I’ve been an advocate of FileMaker Pro as a rapid-application software development system. FileMaker allows a developer or savvy end-user to get database applications up and running in a relatively short amount of time. Much of my development involves automating workflows based on paper or Excel spreadsheets. These tend to be smaller systems with a limited amount of data. So I’m intrigued to find a FileMaker system that tackles a complex and critical workflow. Alabama Eye Bank has an application which tracks the progress of donated corneas. The program was described on FileMaker’s customer stories page. That description goes back some years, and I was interested to hear about the current state of the application. Tom Cattell, Vice President for Information Systems provided some additional information. As of this writing, FileMaker is now at version 13. Solutions written in FileMaker Pro 12 and 13 can be deployed on Windows, Macintoshes, or iPads and iPhones.
1. Which version are you running of FileMaker 12 or 13?
While FileMaker 13 is the most current version of FileMaker, we currently use FileMaker 12, only because our audit log (FMDataGuard) that tracks changes to records and fields is 32 bit and doesn’t work with FM13. I use FM13 for development and for the iPad/iPhone apps. I am working right now on updating to a new audit log so we can get to FM13 ASAP.
2. Are you hosting with FileMaker server?
We host FileMaker server on a Windows 2008 virtualized server.
3. Mac or Windows?
All our clients are Mac and all our servers are virtualized Windows servers and are all on our local network.
4. What was the reaction of IT to a FileMaker application?
We have used FileMaker since 1998 and used Macs even longer, so it wasn’t a big leap to move to FileMaker Go and start using iPads and iPhones.
5. Did you develop in-house or use an outside developer?
I did 90% of the development of our current solution in-house. We had a smaller database created in FileMaker 6 when I got to the eye bank in 2007. My first job was to upgrade us to FM9 which took 3 months. After that, we have more then doubled the databases and use them in nearly all areas of our business. Our supply module which was created about a year ago was mostly developed with local consultants, one of whom created the interface for our current databases.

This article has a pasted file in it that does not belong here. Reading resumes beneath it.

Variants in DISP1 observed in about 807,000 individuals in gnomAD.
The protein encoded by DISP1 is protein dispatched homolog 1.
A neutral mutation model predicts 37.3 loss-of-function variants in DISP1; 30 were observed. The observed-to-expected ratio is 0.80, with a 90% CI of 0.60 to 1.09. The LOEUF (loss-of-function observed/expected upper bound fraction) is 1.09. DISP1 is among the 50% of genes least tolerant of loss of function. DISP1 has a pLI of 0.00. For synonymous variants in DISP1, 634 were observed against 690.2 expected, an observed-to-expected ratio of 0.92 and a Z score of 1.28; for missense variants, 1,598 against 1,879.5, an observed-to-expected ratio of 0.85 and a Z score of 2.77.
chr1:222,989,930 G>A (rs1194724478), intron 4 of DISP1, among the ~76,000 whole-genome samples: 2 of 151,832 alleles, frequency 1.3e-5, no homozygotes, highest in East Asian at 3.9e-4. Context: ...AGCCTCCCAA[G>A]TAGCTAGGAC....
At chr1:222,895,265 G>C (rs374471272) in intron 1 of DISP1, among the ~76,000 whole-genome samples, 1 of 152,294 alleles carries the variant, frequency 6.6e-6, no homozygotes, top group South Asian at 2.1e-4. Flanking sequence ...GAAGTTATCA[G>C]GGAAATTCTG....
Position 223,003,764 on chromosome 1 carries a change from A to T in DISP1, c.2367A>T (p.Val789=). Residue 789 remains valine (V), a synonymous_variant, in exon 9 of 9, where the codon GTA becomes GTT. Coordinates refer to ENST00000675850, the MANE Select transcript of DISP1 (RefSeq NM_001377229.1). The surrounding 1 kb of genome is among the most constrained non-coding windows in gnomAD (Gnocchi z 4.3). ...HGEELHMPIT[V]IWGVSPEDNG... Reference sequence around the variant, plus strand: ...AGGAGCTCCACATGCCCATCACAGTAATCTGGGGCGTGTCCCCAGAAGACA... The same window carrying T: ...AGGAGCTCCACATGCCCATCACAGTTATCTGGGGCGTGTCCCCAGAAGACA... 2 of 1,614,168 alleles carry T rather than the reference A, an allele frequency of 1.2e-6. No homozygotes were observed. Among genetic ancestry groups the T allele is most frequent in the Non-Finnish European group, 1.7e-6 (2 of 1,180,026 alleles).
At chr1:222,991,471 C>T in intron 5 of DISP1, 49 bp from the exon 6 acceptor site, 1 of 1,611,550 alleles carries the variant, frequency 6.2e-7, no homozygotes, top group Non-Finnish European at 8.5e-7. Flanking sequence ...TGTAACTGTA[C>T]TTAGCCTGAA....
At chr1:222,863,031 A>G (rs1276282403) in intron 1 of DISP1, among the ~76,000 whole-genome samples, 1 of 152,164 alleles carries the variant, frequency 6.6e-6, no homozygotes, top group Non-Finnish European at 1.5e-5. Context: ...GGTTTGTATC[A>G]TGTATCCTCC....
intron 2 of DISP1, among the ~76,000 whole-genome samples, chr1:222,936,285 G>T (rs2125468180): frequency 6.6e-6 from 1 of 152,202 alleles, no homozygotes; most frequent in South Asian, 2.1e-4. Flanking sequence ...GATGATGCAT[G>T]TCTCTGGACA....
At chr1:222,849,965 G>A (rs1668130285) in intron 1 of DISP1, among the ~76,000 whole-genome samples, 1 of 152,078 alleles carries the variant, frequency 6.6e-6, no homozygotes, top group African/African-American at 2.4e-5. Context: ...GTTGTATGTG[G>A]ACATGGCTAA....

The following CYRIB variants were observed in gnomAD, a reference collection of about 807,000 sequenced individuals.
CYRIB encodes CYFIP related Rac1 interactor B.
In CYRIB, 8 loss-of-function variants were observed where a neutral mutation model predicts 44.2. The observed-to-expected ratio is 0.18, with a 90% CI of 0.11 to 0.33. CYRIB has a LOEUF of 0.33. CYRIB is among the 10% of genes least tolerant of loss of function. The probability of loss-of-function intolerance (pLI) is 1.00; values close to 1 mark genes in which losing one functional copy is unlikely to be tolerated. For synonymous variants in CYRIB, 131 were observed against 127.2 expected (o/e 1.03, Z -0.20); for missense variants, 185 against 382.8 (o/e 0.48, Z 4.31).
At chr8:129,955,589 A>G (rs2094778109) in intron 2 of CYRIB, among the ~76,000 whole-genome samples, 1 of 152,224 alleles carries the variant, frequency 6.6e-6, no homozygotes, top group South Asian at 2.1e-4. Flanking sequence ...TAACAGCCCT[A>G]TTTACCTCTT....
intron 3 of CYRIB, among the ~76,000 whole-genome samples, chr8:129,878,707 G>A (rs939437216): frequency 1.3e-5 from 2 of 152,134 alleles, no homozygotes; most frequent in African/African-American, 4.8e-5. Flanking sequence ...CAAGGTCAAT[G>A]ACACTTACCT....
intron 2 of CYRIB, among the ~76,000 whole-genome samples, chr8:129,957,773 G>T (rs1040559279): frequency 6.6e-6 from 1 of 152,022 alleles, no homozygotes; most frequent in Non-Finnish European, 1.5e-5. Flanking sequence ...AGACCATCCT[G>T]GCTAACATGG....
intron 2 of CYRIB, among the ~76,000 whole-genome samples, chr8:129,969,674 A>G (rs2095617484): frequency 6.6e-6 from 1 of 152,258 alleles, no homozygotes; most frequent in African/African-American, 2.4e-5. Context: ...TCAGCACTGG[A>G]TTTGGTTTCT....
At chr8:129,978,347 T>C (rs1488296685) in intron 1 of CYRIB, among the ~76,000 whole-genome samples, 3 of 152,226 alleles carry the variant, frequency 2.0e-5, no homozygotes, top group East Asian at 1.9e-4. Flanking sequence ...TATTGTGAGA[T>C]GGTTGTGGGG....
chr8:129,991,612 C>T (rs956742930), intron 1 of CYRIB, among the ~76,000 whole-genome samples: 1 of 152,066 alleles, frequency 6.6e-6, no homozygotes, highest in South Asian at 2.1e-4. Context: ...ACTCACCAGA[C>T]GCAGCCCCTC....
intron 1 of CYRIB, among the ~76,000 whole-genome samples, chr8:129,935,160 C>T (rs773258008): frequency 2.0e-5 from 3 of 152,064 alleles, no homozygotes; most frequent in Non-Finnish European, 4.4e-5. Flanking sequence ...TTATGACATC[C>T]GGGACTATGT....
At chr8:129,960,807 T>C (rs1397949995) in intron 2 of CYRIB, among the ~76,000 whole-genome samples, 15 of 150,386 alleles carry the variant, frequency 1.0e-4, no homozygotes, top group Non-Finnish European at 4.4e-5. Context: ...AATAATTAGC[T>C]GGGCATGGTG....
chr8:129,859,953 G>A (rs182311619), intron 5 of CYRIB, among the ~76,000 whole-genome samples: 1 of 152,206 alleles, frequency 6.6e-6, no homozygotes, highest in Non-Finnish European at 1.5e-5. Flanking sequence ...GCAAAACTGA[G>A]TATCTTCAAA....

6. What is a typical workflow?
The whole process begins when a hospital calls in a death to our Donor Service Center (DSC). The DSC enters the data in the Referrals tab of our database. If we get consent by a next of kin and they pass our medical social questions, we flag the referral as a donor and pass it to a Recovery Coordinator. They take an iPad, download the donor data into it and head to the hospital. At the hospital they enter several pages of chart information and perform the procedure. Upon return they sync the data from the iPad to our FileMaker server and then label the vials that hold corneas (the clear part of the eye) with labels that print as soon as the data is uploaded.
From there, our technical staff continues the process of making sure the corneas are safe and good quality for transplant. We then prepare them for surgeries that are entered on our FileMaker hosted webpage by surgery schedulers throughout Alabama, the nation and the world. We send out electronic invoices through FileMaker and import that data to QuickBooks for our accounting.
Honestly this is a complicated process. We also track all account info, contact info, hospital development and employee benefits with FileMaker databases. FileMaker gives us one place to interact and organize our workflow and provides redundancy and checks and balances throughout the whole process.
7. Does it interface with another electronic medical record system, like EPIC?
No, not yet. We are currently looking at how to handle EMR, but at this point there isn ’t much of a need.
8. Just curious, why can a cornea that was rejected as suitable for transplant by the U.S. be sent abroad?
The US has a surplus of cornea tissue that results in higher selectivity. Abroad there is still a great need for corneal tissue and therefore some countries tend to be less selective. Now glaucoma surgeons in the US use these lower quality corneas for shunt coverage. They look much better then the alternatives that were being used. It is honestly amazing all the ways corneas are being used now.
Many thanks, Tom!
Looking at the following two screenshots, you wouldn’t immediately see that these are FileMaker screens. But the crisp design and spacious layout is typical of what can be developed in short order using native FileMaker tools. What’s more, these screens are rendered almost identically on Macs and Windows when using the desktop versions of FileMaker Pro, or as web pages using FileMaker Web Direct. Note that patient data shown on both screens is fictitious.
The Alabama Eye Bank Information System will continue to evolve. Tom Cantell posted some additional photos on Flickr that include a screen shots from related FileMaker applications that run on the iPhone and iPad, as well as some additional detail about the FileMaker applications.